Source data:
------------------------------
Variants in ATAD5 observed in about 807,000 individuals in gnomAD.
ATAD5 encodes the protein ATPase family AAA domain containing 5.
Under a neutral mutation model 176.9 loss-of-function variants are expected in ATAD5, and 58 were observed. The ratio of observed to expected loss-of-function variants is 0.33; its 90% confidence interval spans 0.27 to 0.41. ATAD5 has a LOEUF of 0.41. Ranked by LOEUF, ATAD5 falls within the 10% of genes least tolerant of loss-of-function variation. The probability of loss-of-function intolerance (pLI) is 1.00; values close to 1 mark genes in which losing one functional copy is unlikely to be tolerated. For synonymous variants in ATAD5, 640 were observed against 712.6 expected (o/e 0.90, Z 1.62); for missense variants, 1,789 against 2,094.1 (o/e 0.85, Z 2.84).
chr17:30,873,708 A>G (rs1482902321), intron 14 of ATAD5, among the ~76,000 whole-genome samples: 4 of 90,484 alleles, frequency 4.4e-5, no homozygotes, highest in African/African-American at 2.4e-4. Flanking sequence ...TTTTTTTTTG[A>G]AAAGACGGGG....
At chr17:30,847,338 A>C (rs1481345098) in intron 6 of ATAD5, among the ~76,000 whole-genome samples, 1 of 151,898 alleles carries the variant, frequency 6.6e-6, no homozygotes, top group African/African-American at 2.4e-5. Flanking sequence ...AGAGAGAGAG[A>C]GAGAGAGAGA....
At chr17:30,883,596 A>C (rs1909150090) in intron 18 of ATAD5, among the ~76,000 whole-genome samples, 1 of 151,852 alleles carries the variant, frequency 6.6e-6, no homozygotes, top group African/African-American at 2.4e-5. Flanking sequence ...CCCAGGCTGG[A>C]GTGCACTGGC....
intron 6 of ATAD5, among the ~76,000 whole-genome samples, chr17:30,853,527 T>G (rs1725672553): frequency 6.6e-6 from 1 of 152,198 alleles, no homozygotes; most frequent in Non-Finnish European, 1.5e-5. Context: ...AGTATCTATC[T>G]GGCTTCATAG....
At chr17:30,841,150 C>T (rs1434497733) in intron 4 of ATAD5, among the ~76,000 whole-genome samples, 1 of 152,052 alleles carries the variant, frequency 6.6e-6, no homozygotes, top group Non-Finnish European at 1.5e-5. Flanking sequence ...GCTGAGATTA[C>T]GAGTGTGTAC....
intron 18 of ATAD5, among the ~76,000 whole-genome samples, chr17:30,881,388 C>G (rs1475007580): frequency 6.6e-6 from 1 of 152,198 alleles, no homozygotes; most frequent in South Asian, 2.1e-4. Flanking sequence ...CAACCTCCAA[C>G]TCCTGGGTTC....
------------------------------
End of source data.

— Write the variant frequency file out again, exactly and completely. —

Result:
Variants in ATAD5 observed in about 807,000 individuals in gnomAD.
ATAD5 encodes the protein ATPase family AAA domain containing 5.
Under a neutral mutation model 176.9 loss-of-function variants are expected in ATAD5, and 58 were observed. The ratio of observed to expected loss-of-function variants is 0.33; its 90% confidence interval spans 0.27 to 0.41. ATAD5 has a LOEUF of 0.41. Ranked by LOEUF, ATAD5 falls within the 10% of genes least tolerant of loss-of-function variation. The probability of loss-of-function intolerance (pLI) is 1.00; values close to 1 mark genes in which losing one functional copy is unlikely to be tolerated. For synonymous variants in ATAD5, 640 were observed against 712.6 expected (o/e 0.90, Z 1.62); for missense variants, 1,789 against 2,094.1 (o/e 0.85, Z 2.84).
chr17:30,873,708 A>G (rs1482902321), intron 14 of ATAD5, among the ~76,000 whole-genome samples: 4 of 90,484 alleles, frequency 4.4e-5, no homozygotes, highest in African/African-American at 2.4e-4. Flanking sequence ...TTTTTTTTTG[A>G]AAAGACGGGG....
At chr17:30,847,338 A>C (rs1481345098) in intron 6 of ATAD5, among the ~76,000 whole-genome samples, 1 of 151,898 alleles carries the variant, frequency 6.6e-6, no homozygotes, top group African/African-American at 2.4e-5. Flanking sequence ...AGAGAGAGAG[A>C]GAGAGAGAGA....
At chr17:30,883,596 A>C (rs1909150090) in intron 18 of ATAD5, among the ~76,000 whole-genome samples, 1 of 151,852 alleles carries the variant, frequency 6.6e-6, no homozygotes, top group African/African-American at 2.4e-5. Flanking sequence ...CCCAGGCTGG[A>C]GTGCACTGGC....
intron 6 of ATAD5, among the ~76,000 whole-genome samples, chr17:30,853,527 T>G (rs1725672553): frequency 6.6e-6 from 1 of 152,198 alleles, no homozygotes; most frequent in Non-Finnish European, 1.5e-5. Context: ...AGTATCTATC[T>G]GGCTTCATAG....
At chr17:30,841,150 C>T (rs1434497733) in intron 4 of ATAD5, among the ~76,000 whole-genome samples, 1 of 152,052 alleles carries the variant, frequency 6.6e-6, no homozygotes, top group Non-Finnish European at 1.5e-5. Flanking sequence ...GCTGAGATTA[C>T]GAGTGTGTAC....
intron 18 of ATAD5, among the ~76,000 whole-genome samples, chr17:30,881,388 C>G (rs1475007580): frequency 6.6e-6 from 1 of 152,198 alleles, no homozygotes; most frequent in South Asian, 2.1e-4. Flanking sequence ...CAACCTCCAA[C>G]TCCTGGGTTC....